11/09/2008 12:00AM

Decision on Peppers Pride nears

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No horse has been able to stop the undefeated Peppers Pride, but a decision by her connections this coming week might. She will be out for her 18th consecutive win on Sunday in the $170,000 Filly and Mare Championship at Zia Park in Hobbs, N.M., and a day later her future will be discussed by her breeder and owner, Joe Allen, and her trainer, Joel Marr.

"We're trying to decide whether to breed her or run her another year," Allen said. "We're still trying to decide exactly what we're going to do, and we'll have a lot better idea after this weekend. It's always kind of been our intention to retire her, there's just a possibility that we might run into the [new] year."

So on Sunday, Peppers Pride could be making the penultimate start of her career when she defends her title in the Filly and Mare Championship, one of 11 stakes on the $2 million New Mexico Cup card. The program is one of the nation's richest for statebreds, with seven stakes for Thoroughbreds and four for Quarter Horses. It's also the premier day of racing at Zia, a Penn Gaming-owned track that opened in 2005 and is home to 750 slot machines.

Peppers Pride, a 5-year-old who has raced exclusively with New Mexico-breds, has just one other significant race on the calendar this year, the $125,000 New Mexico State Racing Commission Handicap at Sunland Park on Dec. 14.

"If we run her in December, the next stakes race for her is not until the end of March," Marr said. "It's probable that we would retire her [this year], but I don't know what will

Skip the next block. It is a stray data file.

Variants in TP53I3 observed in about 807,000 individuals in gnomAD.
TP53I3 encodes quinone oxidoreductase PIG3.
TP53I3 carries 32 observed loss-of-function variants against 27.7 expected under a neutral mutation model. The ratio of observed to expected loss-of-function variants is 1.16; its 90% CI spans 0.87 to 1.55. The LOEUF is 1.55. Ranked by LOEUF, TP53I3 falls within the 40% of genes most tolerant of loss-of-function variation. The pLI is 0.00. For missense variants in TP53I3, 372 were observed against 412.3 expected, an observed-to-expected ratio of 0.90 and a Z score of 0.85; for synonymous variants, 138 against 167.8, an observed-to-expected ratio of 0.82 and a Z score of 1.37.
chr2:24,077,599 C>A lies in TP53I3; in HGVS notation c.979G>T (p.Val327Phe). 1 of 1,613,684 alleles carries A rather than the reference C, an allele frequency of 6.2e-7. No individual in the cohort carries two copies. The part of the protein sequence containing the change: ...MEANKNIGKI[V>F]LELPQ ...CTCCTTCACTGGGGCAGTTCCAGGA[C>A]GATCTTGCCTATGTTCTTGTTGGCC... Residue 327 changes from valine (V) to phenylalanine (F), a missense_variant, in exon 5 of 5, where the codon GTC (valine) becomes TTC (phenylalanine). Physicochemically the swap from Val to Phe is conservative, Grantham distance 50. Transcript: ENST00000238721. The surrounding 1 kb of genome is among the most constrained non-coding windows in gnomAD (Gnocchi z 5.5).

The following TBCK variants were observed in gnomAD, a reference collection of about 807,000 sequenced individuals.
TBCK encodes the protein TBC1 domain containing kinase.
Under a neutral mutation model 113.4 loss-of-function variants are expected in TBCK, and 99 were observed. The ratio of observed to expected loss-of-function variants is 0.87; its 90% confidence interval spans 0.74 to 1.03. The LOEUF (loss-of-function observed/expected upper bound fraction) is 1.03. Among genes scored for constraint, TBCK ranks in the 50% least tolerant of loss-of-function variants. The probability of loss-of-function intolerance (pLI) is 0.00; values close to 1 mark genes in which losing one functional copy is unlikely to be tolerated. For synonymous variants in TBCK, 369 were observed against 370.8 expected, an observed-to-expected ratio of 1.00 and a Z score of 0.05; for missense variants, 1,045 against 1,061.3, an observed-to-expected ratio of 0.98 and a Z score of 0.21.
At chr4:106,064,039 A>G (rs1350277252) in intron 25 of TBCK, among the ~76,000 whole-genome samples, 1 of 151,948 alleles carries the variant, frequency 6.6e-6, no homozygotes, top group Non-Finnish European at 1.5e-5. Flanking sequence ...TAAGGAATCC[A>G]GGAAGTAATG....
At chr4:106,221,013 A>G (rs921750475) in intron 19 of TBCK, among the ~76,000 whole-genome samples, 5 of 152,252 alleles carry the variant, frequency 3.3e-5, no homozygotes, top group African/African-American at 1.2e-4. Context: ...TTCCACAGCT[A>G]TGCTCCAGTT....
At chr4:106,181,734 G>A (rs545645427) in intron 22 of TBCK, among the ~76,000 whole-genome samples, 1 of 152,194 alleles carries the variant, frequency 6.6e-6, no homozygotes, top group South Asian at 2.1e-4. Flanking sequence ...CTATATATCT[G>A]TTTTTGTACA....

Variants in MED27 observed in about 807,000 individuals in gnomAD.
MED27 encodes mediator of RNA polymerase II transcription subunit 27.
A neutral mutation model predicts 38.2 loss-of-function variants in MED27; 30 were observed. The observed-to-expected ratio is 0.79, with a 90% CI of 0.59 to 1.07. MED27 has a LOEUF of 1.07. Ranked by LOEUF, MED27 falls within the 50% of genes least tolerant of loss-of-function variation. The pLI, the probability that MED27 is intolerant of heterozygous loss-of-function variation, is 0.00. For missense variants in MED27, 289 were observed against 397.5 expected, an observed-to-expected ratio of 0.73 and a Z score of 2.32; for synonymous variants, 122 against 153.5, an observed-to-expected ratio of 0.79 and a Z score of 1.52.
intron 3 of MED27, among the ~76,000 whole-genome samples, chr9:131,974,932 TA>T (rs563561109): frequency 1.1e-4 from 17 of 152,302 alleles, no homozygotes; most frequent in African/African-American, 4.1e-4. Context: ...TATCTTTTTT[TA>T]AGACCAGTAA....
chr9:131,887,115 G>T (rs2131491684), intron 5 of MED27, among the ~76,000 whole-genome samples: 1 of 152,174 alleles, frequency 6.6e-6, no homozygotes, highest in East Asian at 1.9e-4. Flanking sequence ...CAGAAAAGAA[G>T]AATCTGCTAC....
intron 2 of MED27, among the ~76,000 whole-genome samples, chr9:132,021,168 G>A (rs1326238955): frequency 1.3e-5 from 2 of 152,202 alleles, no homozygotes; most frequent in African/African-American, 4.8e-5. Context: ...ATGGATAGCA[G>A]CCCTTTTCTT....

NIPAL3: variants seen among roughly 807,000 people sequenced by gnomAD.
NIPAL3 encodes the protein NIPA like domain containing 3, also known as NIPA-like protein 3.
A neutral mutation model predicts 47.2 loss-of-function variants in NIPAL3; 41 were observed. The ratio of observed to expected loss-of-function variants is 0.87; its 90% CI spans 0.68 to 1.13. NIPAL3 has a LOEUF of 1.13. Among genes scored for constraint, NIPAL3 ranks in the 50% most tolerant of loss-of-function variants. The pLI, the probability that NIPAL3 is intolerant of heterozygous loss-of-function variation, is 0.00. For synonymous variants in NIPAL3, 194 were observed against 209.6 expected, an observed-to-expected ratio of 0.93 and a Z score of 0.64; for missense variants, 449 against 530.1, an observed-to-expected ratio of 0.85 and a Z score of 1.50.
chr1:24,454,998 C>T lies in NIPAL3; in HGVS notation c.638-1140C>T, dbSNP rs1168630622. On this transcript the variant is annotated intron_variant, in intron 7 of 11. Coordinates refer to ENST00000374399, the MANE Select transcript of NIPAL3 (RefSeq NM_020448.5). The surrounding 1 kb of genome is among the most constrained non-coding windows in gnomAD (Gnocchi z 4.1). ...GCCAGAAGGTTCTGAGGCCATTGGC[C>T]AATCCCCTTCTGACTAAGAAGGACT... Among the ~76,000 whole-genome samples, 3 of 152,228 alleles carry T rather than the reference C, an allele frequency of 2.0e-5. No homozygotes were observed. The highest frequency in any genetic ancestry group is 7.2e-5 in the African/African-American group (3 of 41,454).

happen. We're going to try to get through this one first."

Peppers Pride began her win streak in a trial race at Ruidoso Downs on July 16, 2005. She picked up her 17th straight win last month in an optional claiming race at Zia, establishing

a modern North American record for

consecutive wins. And while Peppers Pride has successfully completed her run at history, much is still at stake with the mare, who has earned $884,585.

"There's still a lot of pressure, obviously, because you don't want to lose no matter what," said Marr. "Even if it's five or seven or whatever, you want to keep it going. We got the 17 out of the way, and I'm happy about that, but this is a big race. It's a nice purse and it's something we've been pointing towards, and there's always a lot of pressure. But I know she's going to try and do her best. She's helped me learn to trust a little bit."

Marr began training for Allen about eight years ago. They were brought together by the stallion Desert God, the sire of Peppers Pride and a half-brother to Better Than Honour, the broodmare who brought a record $14 million at auction last week at Fasig-Tipton. Allen purchased Desert God from the University of Arizona and sought out Marr because he had one of the stallion's offspring in training in New Mexico. The two have made history together with Peppers Pride, who is the last foal from her late dam, Lady Pepper.

"It's just been unbelievable," said Allen, a

62-year-old restaurant owner from Abilene, Texas. "It's just been the highlight of everything."

Peppers Pride brought out a capacity crowd of about 4,000 to Zia, a small track, when she set the record Oct. 4. Zia management is hoping for the same kind of numbers on Sunday, said Rick Baugh, the assistant general manager. He said posters featuring Peppers Pride setting the consecutive-win record will be given away at the track Sunday.

Carlos Madeira, who has ridden Peppers Pride in all of her races, has the mount in the one-mile Filly and Mare Championship. The chief threats appear to be Let the Musicbegin, an open-company stakes winner at a mile last out at Zia, and Silver Expression, who is

making her third start off a layoff. The race will go as the featured 10th, and is scheduled to be broadcast on TVG.

In other stakes, Some Ghost will be out to defend his title in the $180,000 Classic, while Chimes Has a Song, who has won his last three starts by a combined 25 lengths, will make his stakes debut against fellow 3-year-olds in the $140,000 Colts and Geldings.